Weekly Wire
NewCityNet Lack Of Reason

By Shelly Ridenour

MARCH 20, 2000: 

Bridget Jones: The Edge of Reason by Helen Fielding (Viking Press), $25, 338 pages

While finger-pointing critics have been tripping over themselves anointing the "American 'Bridget Jones'" (everything from Suzanne Finnamore's "Otherwise Engaged" to Melissa Bank's wonderfully smart "The Girl's Guide to Hunting and Fishing"), the truth is that American pop culture already has its own urban party girl, and she's better than Bridget.

After all, Candace Bushnell's "Sex and the City" column, when it ran in the New York Observer, generated the same kind of frenzied hype as Helen Fielding's "Bridget" when it first appeared in a London paper. Women on both sides of the Atlantic claimed to immediately identify with Carrie/Bridget's nights of wine and less-than-rosy romances. But, while "Sex and the City" (the HBO show) just keeps getting better, "The Edge of Reason," the follow-up to Fielding's wildly successful first Bridget novel, is a wake-up call -- but, unfortunately, the kind you don't want to get.

Suddenly, Bridget isn't cute so much as silly. I can no longer suspend my disbelief that a woman who can't get it together enough to make it to work on time, or do her laundry, or catch a flight, would be dedicated enough to record her calorie/cigarette/alcohol intake each day. A carpenter hired to add on a room to her flat knocks a hole in the wall, then doesn't finish the job -- and she doesn't do anything about it for six months?! Given a crack at a celebrity interview, she makes a fool of herself and then blows the deadline?! An ex who accuses her of not knowing where Germany is, is, in fact, absolutely right?! And while Bridget continues to get tangled up in the goofy web of paranoia and flightiness she weaves for herself, it feels like "Ab Fab" lite as she travels to Thailand and winds up in jail after being unknowingly duped into drug smuggling (or is that "Brokedown Palace" lite?). But where Patsy and Eddie went over the top and fell straight down into hedonistic hilarity, Bridget and Co. seem to teeter in hesitation, worrying what some man or another will think of them.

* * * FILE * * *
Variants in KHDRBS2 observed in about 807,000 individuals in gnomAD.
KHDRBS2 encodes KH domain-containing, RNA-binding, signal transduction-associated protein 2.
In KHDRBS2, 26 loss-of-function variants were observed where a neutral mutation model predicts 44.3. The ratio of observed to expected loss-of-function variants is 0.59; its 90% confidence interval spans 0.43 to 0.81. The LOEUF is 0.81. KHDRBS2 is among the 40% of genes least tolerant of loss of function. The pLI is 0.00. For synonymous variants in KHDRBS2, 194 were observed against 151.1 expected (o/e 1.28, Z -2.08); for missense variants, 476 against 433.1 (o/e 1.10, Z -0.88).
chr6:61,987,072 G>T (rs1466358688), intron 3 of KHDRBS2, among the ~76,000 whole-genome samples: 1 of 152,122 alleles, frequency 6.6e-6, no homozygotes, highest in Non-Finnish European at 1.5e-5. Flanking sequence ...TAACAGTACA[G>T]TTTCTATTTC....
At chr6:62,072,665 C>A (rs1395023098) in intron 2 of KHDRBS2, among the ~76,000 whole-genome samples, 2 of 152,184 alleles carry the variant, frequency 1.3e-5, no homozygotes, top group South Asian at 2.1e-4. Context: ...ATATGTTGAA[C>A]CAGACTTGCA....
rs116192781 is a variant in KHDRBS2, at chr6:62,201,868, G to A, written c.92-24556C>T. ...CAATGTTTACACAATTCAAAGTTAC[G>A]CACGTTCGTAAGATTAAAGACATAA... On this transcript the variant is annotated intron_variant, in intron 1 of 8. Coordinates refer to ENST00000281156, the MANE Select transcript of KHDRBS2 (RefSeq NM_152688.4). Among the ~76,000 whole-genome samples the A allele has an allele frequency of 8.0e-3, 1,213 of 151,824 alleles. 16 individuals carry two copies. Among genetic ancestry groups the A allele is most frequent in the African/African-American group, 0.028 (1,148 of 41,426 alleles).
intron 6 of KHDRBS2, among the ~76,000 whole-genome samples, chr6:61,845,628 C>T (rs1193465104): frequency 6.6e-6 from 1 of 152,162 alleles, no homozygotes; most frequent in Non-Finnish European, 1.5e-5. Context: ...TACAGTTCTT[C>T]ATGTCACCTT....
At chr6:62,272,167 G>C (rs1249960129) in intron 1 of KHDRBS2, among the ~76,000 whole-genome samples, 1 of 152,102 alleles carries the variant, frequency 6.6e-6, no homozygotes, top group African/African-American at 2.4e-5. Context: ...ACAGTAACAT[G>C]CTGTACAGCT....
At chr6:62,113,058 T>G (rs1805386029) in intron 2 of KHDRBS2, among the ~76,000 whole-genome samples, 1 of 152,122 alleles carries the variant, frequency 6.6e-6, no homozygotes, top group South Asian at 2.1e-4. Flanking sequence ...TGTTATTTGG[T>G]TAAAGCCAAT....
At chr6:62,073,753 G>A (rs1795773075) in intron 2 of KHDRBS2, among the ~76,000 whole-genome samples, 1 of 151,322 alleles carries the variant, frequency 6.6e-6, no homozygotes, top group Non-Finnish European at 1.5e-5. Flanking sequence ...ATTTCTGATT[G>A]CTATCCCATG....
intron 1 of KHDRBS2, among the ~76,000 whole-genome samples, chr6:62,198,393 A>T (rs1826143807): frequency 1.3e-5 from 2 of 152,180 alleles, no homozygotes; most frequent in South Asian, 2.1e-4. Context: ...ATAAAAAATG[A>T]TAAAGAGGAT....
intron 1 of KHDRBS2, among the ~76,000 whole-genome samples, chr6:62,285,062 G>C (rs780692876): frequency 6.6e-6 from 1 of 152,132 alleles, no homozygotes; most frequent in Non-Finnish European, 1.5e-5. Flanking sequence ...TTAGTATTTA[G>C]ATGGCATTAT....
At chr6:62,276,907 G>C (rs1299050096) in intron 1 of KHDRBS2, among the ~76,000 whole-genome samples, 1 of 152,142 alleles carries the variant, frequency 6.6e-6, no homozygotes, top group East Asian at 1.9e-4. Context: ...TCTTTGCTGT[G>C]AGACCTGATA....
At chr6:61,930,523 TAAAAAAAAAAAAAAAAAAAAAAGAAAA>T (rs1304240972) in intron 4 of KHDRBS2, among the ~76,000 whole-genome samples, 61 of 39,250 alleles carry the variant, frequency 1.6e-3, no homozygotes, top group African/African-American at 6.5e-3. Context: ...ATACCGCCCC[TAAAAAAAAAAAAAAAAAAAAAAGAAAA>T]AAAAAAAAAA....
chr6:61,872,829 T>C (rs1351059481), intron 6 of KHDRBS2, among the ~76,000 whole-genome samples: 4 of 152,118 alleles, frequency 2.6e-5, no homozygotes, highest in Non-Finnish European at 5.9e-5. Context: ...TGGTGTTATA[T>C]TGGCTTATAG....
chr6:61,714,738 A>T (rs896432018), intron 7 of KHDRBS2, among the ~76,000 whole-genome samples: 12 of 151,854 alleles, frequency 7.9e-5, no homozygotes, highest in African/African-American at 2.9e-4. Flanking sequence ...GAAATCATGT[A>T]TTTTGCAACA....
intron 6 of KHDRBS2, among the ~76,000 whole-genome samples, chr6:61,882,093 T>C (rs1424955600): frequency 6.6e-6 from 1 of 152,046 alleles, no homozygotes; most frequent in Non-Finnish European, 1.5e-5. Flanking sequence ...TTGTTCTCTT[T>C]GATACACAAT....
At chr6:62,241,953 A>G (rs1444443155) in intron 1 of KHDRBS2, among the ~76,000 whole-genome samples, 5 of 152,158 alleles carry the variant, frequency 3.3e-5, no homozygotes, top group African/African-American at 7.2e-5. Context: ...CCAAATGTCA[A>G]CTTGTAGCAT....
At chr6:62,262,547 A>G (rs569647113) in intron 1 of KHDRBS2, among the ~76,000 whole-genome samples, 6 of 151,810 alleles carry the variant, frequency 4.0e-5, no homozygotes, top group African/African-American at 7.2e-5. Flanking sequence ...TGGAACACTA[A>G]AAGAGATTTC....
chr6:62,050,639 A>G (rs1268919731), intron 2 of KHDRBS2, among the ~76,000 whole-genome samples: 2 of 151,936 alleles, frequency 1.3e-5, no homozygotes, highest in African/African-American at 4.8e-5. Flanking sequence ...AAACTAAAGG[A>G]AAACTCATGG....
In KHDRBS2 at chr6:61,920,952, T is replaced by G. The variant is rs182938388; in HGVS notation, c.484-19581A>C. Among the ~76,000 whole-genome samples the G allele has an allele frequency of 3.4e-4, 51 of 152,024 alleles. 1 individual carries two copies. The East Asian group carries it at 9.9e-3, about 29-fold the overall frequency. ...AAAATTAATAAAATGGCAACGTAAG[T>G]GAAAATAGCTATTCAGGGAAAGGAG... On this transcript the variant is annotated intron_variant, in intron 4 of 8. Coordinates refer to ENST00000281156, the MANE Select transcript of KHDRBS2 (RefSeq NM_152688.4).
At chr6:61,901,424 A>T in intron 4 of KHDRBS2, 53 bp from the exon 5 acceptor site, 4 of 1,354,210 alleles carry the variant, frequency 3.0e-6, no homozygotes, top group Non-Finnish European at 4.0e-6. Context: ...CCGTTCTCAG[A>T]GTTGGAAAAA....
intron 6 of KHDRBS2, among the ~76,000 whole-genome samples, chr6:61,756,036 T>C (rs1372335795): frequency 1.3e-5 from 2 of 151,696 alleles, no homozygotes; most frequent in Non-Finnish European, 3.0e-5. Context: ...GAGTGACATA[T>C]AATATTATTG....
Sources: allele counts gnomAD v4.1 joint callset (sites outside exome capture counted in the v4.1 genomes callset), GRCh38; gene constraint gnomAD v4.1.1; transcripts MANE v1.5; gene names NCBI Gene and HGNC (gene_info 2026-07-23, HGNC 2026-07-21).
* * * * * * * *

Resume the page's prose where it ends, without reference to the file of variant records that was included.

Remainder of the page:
Fielding's sequel has been criticized as one-note. But perhaps it's a matter of get me once, shame on you; get me twice, shame on me. In other words, I don't want to identify with Bridget Jones. I am horrified that I recognize even parts of my life (i.e., checking my messages too frequently) in these blithering, dithering "diary" pages. I don't want to know her, either; if a friend tried to talk me out of returning a love interest's phone call by quoting John Gray, I like to think I know which one of them would be cut from my life. Maybe Bridget is an inspiration to identify with. Tuesday, March 14 -- Weight: Who knows?, Calories: Who cares?, Goals: Don't waste time reading silly sequels.


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